How to Safely Remove a Tick
Finding a tick on you or your pet is an experience you won't soon forget. One moment you're enjoying nature with your best friend, and the next you're panicking as you try to pry a parasite off your skin. It might be scary and gross but thankfully most tick bites are relatively harmless. However, in some cases, the bite of these small blood-sucking arachnids can be more serious, resulting in a number of complications.
Ticks can stay attached for days, even weeks, before you take notice. And the longer a tick stays attached to you or your pet, the more severe the bite reaction tends to be (ticks removed within 36 hours rarely cause problems). In other words, if you or your pet gets bitten by a tick, you need to remove it as soon as possible.
The next time you or a loved one experiences a tick bite, here’s what you need to do:
HOW TO CHECK FOR TICKS
Hiking, camping, walking your dog—any outdoor activity, especially those in or around tall grass, can leave you with a tick bite. That's why it’s always important to check both you and your pet for ticks after engaging in any activity that might have exposed you to these parasites.
Ranging from the size of a pinhead to 2/3 of an inch, ticks can be brown or red, even white or blue-green (especially after feeding). Ticks can easily go unnoticed, so take your time and be thorough when checking for ticks.FOR PETS:
Slowly brush your fingers through their fur, looking for any unusual bumps or lumps on or near the skin. Ticks particularly enjoy hiding in dark, warm locations, so be sure to check on and within your pet’s’ ears, between toes, under armpits, and under or near their tail.FOR PEOPLE:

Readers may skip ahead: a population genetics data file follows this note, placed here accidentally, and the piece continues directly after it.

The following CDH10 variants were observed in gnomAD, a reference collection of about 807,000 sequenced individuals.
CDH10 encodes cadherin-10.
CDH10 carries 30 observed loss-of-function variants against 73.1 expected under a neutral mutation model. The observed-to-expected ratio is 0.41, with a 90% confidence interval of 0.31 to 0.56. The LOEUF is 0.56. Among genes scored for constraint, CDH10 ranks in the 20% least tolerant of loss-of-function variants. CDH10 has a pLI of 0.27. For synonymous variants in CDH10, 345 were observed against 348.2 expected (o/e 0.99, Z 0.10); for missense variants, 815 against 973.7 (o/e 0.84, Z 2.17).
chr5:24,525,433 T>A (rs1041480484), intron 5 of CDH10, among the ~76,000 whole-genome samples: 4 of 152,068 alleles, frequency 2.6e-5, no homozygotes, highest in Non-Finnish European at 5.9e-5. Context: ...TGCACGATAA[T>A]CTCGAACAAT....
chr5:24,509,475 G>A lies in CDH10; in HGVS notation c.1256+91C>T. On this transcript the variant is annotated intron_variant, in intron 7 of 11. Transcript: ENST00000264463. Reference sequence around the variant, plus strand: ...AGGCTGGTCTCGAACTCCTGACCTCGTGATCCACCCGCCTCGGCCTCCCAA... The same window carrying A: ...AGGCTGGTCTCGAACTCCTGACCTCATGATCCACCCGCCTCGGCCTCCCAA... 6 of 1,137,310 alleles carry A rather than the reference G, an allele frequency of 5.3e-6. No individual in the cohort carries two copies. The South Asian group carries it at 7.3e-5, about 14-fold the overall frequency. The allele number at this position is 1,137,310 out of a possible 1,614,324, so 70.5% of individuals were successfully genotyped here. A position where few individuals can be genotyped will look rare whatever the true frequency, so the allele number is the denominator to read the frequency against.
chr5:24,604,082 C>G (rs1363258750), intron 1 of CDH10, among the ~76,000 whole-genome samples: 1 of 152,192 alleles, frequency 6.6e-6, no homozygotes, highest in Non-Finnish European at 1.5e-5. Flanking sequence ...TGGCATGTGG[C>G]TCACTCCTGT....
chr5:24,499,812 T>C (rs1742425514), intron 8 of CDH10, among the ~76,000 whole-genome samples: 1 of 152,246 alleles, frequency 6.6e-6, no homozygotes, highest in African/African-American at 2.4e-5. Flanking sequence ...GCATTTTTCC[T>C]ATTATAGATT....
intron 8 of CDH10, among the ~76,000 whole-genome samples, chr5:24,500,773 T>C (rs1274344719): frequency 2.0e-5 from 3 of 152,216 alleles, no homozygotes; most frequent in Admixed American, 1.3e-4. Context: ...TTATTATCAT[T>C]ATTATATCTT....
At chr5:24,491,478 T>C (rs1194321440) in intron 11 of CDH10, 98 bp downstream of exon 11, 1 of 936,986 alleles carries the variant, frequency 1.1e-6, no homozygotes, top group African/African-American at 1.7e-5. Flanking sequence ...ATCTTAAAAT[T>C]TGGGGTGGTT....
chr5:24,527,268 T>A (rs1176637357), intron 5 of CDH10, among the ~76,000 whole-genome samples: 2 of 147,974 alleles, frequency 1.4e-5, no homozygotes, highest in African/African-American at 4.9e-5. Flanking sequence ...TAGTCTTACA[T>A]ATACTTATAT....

Pay close attention to these areas: armpits, ears, belly button, scalp, around the waist, backs of knees, crotch, thighs, and in between toes and fingers.
GET THE PROPER EQUIPMENT
- Latex gloves
- Pointed-tip tweezers
- Rubbing alcohol
- A Ziplock bag
- Soap and water
As a safety precaution, we strongly suggest wearing gloves when removing a tick. It’s not uncommon (though it should be avoided) for the parasite to become damaged, spilling blood and other fluids in the process, so it's always a good idea to have gloves at the ready when you're in tick country, just in case.
REMOVE THE TICK
There are countless myths and old wives’ tales concerning how to remove a tick—some involve burning the parasite with a match, others advocate suffocation with solutions like alcohol and even peanut butter. However, most of these tips are incorrect and, if used, can actually lead to additional problems and complications. Instead, follow these simple steps to properly and safely remove a tick (the process is the same for both animals and humans):
- Using pointed tweezers, grab the tick as close to the skin surface as possible; this usually means grabbing the tick by its mouthparts. Avoid squeezing or damaging the tick in any way—when harmed or irritated, ticks can expel bodily fluids into the bloodstream of their hosts.
- Slowly and carefully pull directly upward. Do not twist or yank the tick. With steady pressure, you should be able to remove the entire tick intact.
- If the tick’s mouthparts break off in the skin, attempt to carefully remove them. If this cannot be done easily, stop trying and leave them inside. Monitor the site and consult a medical professional if you spot any troubling signs or symptoms.
- After removal, thoroughly clean and disinfect the bite site with soap and water or rubbing alcohol.
- Place the removed tick in a ziplock bag; it will eventually suffocate and die. You may wish to save the tick for up to two weeks—in the event you or your pet begin showing signs of complications, you may want to have the tick identified or tested.
- Over the next two weeks, observe the bite site for any signs or symptoms, such as rashes, swelling, tenderness or redness. Consult a medical professional if anything develops.
- If you begin experiencing flu-like symptoms shortly after removing a tick (3-14 days), consult a medical professional immediately.
PREVENT FUTURE TICK BITES
Prevention is always the best method for avoiding ticks and their bites. Before you and your pet engage in outdoor activities, protect yourselves with Cedarcide Original bug spray or deep-woods strength Tickshield. To control ticks near your home, apply Outdoor Bug Control to your lawn and shrubbery monthly starting in early spring through late fall.